By Daneet Steffens
Updated March 17, 2020 at 02:40 AM EDT
Advertisement

The Last of the Blue Devils: The Kansas City Jazz Story

A
type
  • Movie
genre

The best part of this nifty film, which captures the 1974 reunion that brought such jazz and blues luminaries as Count Basie and Big Joe Turner back to their Kansas City stomping grounds, is watching these guys, faces wreathed in smiles and wrinkles, talk about each other with respect and affection. Pianist Jay McShann reminisces about how a young Charlie ”Bird” Parker got his nickname, and Basie, who enters the old musicians’ union hall as regally as a king, riffs on Lester Young: ”[He] was a real strangely nice guy, and could play like — wow!”

Throughout ”The Last of the Blue Devils” — ”a presentation” of longtime jazz aficionado Clint Eastwood — director Bruce Ricker’s split-screen technique allows plenty of opportunity to watch Turner, Jesse Price, Charles McPherson, and Co. enjoy one another’s performances while as Ricker points out, ”they’re creating poetry on the spot.” His monotone audio commentary — a startling contrast to the ultra-laid-back warmth of the documentary — is filled with interesting tidbits nonetheless, so all this DVD is short on is musical outtakes. Still, not even that can dampen what Basie appreciates as ”a beautiful gathering — gee whiz.”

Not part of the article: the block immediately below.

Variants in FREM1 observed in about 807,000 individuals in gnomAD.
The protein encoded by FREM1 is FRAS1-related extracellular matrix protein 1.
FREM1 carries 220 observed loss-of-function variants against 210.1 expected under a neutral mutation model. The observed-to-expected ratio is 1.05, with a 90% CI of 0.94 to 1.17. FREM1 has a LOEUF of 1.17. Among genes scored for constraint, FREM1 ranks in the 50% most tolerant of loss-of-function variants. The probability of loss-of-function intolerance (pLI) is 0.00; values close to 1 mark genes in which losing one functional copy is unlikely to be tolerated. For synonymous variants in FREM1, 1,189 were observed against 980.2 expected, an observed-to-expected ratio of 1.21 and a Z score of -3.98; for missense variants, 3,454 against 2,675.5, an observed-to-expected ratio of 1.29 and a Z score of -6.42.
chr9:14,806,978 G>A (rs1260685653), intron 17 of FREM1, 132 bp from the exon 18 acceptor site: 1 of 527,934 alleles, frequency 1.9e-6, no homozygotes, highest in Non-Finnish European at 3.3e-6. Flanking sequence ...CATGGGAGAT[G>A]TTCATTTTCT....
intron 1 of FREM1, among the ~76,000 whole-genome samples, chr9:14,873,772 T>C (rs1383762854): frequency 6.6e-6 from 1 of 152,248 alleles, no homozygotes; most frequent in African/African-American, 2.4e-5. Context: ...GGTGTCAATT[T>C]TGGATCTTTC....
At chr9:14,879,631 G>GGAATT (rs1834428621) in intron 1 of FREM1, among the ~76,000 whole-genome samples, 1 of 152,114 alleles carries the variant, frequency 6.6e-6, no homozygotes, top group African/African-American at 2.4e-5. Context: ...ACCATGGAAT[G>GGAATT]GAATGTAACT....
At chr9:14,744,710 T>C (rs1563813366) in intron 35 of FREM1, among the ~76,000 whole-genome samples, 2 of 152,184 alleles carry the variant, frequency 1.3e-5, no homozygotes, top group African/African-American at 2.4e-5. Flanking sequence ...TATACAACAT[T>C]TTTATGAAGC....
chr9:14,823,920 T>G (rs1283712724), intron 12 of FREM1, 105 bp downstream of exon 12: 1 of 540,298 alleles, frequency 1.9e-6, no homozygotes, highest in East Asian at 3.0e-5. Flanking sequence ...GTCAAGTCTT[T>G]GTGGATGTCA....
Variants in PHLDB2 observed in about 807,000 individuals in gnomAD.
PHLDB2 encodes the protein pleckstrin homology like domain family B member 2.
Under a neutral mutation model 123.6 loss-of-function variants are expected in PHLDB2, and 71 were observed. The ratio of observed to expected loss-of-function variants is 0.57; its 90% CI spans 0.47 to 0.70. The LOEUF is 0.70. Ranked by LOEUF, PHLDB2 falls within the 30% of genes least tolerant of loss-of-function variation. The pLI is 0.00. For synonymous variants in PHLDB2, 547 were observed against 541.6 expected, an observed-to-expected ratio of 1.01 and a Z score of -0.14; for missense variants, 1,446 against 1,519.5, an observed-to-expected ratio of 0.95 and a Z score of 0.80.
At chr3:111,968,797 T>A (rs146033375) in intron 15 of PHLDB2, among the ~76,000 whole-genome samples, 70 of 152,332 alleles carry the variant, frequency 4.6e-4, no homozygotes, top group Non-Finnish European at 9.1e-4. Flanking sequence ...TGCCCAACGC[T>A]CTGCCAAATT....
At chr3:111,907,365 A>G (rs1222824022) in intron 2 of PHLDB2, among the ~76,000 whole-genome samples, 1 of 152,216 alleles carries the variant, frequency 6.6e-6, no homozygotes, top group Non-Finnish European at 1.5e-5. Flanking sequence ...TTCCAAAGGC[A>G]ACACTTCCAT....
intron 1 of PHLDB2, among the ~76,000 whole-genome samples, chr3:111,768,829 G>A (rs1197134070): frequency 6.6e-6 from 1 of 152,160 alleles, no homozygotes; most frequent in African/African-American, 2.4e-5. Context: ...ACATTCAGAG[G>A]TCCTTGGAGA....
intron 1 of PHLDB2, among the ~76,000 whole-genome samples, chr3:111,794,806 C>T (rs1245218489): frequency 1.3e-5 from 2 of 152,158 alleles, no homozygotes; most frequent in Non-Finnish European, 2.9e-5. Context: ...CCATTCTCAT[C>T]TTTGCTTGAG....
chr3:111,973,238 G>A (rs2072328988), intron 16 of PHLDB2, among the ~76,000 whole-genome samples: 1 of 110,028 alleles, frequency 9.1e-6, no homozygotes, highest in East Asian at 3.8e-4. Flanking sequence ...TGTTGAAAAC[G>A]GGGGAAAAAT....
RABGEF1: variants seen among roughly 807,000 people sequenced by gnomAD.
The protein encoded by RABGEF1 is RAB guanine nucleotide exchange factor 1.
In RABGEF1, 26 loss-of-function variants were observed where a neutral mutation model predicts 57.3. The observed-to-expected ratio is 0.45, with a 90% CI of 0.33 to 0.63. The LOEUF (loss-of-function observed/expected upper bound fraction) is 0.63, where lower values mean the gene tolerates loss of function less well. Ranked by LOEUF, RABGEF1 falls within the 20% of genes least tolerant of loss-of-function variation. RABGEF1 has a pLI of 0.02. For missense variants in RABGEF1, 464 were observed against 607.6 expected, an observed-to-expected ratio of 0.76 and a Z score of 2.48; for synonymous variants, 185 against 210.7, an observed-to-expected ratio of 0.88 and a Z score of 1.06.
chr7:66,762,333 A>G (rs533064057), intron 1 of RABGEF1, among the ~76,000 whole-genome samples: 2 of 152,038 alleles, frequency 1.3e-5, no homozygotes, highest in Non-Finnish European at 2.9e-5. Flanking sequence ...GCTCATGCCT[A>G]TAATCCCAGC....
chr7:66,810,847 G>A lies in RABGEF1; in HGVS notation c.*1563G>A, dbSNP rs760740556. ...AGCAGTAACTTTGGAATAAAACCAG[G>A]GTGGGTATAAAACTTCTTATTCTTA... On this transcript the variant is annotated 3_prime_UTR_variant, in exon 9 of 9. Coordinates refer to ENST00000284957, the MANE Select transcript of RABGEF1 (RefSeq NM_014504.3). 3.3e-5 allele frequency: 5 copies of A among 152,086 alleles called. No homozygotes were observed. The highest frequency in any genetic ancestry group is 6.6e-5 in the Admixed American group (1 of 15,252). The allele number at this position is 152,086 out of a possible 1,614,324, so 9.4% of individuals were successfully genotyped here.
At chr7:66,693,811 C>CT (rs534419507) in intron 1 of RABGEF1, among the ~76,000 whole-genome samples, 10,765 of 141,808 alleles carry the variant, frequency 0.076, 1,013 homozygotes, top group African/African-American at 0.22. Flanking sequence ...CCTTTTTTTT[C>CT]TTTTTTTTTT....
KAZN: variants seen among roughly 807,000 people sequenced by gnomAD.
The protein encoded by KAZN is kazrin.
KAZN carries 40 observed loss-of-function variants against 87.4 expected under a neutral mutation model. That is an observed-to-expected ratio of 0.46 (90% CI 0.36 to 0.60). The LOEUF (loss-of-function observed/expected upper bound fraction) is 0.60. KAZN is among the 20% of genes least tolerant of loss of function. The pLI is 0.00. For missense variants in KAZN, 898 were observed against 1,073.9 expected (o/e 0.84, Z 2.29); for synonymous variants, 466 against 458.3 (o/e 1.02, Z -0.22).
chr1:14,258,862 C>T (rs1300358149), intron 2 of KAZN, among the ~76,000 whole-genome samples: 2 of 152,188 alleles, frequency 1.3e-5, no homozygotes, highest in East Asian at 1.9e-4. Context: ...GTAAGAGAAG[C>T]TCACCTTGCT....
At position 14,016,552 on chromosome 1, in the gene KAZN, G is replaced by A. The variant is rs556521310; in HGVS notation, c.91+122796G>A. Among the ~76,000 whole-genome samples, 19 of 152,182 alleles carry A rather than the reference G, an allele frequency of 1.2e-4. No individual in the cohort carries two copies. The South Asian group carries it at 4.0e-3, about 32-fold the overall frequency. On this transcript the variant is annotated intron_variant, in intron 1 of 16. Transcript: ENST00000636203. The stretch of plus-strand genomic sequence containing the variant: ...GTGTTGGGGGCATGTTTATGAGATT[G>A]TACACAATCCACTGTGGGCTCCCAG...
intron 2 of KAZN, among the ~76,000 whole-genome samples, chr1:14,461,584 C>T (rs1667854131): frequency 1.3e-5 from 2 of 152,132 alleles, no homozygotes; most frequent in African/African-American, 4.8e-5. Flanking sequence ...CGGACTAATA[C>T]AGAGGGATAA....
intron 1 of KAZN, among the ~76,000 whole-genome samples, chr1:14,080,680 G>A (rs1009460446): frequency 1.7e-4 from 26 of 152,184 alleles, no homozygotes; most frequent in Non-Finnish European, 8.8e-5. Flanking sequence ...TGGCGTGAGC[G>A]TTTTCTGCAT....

The Last of the Blue Devils: The Kansas City Jazz Story

type
  • Movie
genre
mpaa
  • UNRATED
director
  • Bruce Ricker

Comments